Census Question Hearing Is Trump Administration Clown Show.

Background

At the 11th hour (as these things go) the Trump Administration tried to add a question to the 2020 census asking if the respondent was an American citizen. The law mandates certain processes and deadlines for Congressional notice that must be met to add questions to the census. Those procedures and deadlines were not met.

So the Trump Administration declared a state of emergency (yet again) to add a question to the census that had not appeared in many decades and which the Administration only started to seek to add over a year into the Administration. Various entities and states sued to block the question. Lower level court decisions found the Administration did not have a basis for the emergency, and that in fact, the record proved Administration essentially lied as to the stated reasons for wanting to add the question.

The Administration appealed to the United States Supreme Court and had its day in that court. In that appeal the Administration repeatedly represented to the court that the court must resolve the matter no latter than June 30th, the absolute latest day for the census forms to be final for printing purpose. On June 27th the Supreme Court denied the Trump Administration’s request to reverse the injunctions against including the question. Trump had his day at the court, and lost. Though the court allowed room for reconsideration of the question, remanding it to lower courts to decide after more discovery, the supposed absolute deadline of June 30th was passed.

The Trump Administration Advises The Courts That It Is Giving Up

On Tuesday, July 2d, the matter seemed completely resolved as attorneys for the Department of Justice emailed Plaintiffs in the case stating they were dropping the matter and the question would not be included. Here’s a picture of that email.

Later that day, in a telephonic status conference, DOJ lawyer Joshua Gardner told Judge Hazel that the matter was resolved and that the question would not be on census. Secretary of Commerce Wilbur Ross, while stating he disagreed with the Supreme Court’s decision, reluctantly confirmed that they would respect it and not include the citizenship question. The news media, of course reported this, because that’s what they do.

And Then Trump Tweeted

That was Tuesday. It took only to Wednesday morning for Trump to reduce his own DOJ and cabinet level secretary to a pack of liars. To be sure, Trump did not own his reversal of what the DOJ told the judge, he just claimed it was all fake news, falsely blaming the media (again) for lying to the American people.

Setting aside the gas lighting (again) of the American public, setting aside that Trump again called legitimate and accurate reporting “fake news,” Trump has also reactivated an issue the courts involved thought had been rendered moot by Defendants giving up.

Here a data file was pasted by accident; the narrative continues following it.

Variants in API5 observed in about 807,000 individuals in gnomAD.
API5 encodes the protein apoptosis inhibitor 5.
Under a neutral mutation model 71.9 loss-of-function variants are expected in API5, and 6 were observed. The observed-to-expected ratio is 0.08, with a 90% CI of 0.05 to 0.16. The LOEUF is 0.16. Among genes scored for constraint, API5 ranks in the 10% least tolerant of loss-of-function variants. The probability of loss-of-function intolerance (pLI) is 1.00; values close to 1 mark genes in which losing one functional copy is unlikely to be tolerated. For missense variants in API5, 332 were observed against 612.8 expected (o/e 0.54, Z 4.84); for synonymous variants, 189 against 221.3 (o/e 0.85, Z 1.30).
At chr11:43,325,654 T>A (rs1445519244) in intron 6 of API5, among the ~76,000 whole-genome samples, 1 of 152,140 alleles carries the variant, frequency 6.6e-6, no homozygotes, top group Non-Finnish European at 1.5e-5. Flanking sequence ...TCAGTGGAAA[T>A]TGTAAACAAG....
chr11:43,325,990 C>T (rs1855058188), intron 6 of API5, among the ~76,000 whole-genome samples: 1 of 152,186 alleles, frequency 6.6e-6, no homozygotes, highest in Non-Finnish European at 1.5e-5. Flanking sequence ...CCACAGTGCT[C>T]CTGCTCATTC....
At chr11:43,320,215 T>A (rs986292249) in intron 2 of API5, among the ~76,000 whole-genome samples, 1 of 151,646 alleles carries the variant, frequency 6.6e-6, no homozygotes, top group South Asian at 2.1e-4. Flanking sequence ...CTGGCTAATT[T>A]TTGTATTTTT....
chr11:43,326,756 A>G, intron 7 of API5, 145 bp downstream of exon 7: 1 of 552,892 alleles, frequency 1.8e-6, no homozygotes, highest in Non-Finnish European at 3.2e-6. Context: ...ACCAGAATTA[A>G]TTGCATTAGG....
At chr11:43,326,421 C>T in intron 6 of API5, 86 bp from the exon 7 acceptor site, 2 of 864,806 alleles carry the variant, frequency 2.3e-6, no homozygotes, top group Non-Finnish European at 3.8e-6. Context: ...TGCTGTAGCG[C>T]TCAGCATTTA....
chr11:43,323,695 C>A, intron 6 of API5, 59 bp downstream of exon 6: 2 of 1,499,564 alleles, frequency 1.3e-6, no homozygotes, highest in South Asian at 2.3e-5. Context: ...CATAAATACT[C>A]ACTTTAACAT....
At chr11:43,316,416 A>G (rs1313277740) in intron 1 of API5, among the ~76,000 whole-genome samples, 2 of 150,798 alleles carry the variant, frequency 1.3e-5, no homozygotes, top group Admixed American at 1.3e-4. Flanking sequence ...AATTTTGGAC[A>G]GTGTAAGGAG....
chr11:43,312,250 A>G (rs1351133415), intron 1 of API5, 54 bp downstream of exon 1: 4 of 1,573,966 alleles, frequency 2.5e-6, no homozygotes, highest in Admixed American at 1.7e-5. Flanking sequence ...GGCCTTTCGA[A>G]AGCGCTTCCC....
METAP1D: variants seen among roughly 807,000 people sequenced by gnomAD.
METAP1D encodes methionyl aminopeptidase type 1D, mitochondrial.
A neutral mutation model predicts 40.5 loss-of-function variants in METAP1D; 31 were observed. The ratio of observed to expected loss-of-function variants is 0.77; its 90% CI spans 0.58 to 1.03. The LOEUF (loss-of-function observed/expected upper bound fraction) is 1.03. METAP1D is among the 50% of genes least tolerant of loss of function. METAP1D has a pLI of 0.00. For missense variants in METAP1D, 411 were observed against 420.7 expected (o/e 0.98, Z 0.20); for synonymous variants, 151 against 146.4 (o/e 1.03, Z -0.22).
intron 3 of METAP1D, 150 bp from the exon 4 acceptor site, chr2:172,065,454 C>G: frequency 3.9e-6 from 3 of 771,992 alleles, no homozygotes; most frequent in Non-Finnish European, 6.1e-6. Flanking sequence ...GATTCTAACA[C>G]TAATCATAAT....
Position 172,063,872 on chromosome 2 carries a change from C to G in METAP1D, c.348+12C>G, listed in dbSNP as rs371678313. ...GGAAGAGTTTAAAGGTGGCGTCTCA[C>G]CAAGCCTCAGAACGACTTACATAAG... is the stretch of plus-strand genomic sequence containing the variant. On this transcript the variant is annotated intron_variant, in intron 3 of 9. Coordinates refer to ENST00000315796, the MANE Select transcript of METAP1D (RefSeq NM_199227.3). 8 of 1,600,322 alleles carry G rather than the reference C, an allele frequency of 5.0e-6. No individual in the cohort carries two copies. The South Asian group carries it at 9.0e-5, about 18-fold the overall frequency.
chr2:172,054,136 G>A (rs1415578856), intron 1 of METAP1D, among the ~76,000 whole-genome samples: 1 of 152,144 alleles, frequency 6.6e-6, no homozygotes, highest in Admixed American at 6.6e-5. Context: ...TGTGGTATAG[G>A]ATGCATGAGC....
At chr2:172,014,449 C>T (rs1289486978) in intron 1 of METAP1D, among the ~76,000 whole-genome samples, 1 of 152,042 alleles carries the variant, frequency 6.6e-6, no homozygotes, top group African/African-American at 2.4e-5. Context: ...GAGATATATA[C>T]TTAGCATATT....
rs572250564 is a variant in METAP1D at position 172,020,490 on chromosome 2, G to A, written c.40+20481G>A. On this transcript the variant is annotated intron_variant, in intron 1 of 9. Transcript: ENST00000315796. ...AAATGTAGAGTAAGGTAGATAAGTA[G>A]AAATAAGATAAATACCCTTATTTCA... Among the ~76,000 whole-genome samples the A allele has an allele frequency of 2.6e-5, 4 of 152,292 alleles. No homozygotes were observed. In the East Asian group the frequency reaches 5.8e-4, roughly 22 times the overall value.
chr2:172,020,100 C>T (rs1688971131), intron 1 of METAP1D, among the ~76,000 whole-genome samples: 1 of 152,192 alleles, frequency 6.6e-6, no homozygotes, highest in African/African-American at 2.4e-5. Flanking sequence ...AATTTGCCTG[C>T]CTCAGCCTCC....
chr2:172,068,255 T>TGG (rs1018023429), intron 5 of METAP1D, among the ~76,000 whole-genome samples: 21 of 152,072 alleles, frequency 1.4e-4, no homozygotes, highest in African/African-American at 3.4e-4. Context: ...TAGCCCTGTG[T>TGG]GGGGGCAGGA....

So what do you do if you are the plaintiffs? You request an immediate status conference to find out what is going on and defendants are really doing. The judge granted that request.

The emergency status conference (done by phone) started at 3:30 the same afternoon, Wednesday, July 3rd and is pure gold in showing an administration in chaos.

How The Status Conference Went

You can review a transcript of the status conference HERE.

The judge comes right out saying that the government attorney told him one thing yesterday and President tweeted the opposite today.

THE COURT: So I guess the reason I wanted to have this call, obviously, we had our call — I guess it was yesterday; feels like a while ago, but I think it was yesterday — and then this morning I saw a tweet that got my attention. I don’t know how many federal judges have Twitter accounts, but I happen to be one of them, and I follow the President, and so I saw a tweet that directly contradicted the position that Mr. Gardner had shared with me yesterday.

To which an apologetic Mr. Gardner embarrassingly admits he had no clue as to what is going on or what the government position (that he represents) now is.

MR. GARDNER: Your Honor, this is Mr. Gardner. I want to back up just a step and say that I’ve been with the United States Department of Justice for 16 years, through multiple Administrations, and I’ve always endeavored to be as candid as possible with the Court. What I told the Court yesterday was absolutely my best understanding of the state of affairs and, apparently, also the Commerce Department’s state of affairs, because you probably saw Secretary Ross issued a statement very similar to what I told the Court.

The tweet this morning was the first I had heard of the President’s position on this issue, just like the plaintiffs and Your Honor. I do not have a deeper understanding of what that means at this juncture other than what the President has tweeted. But, obviously, as you can imagine, I am doing my absolute best to figure out what’s going on.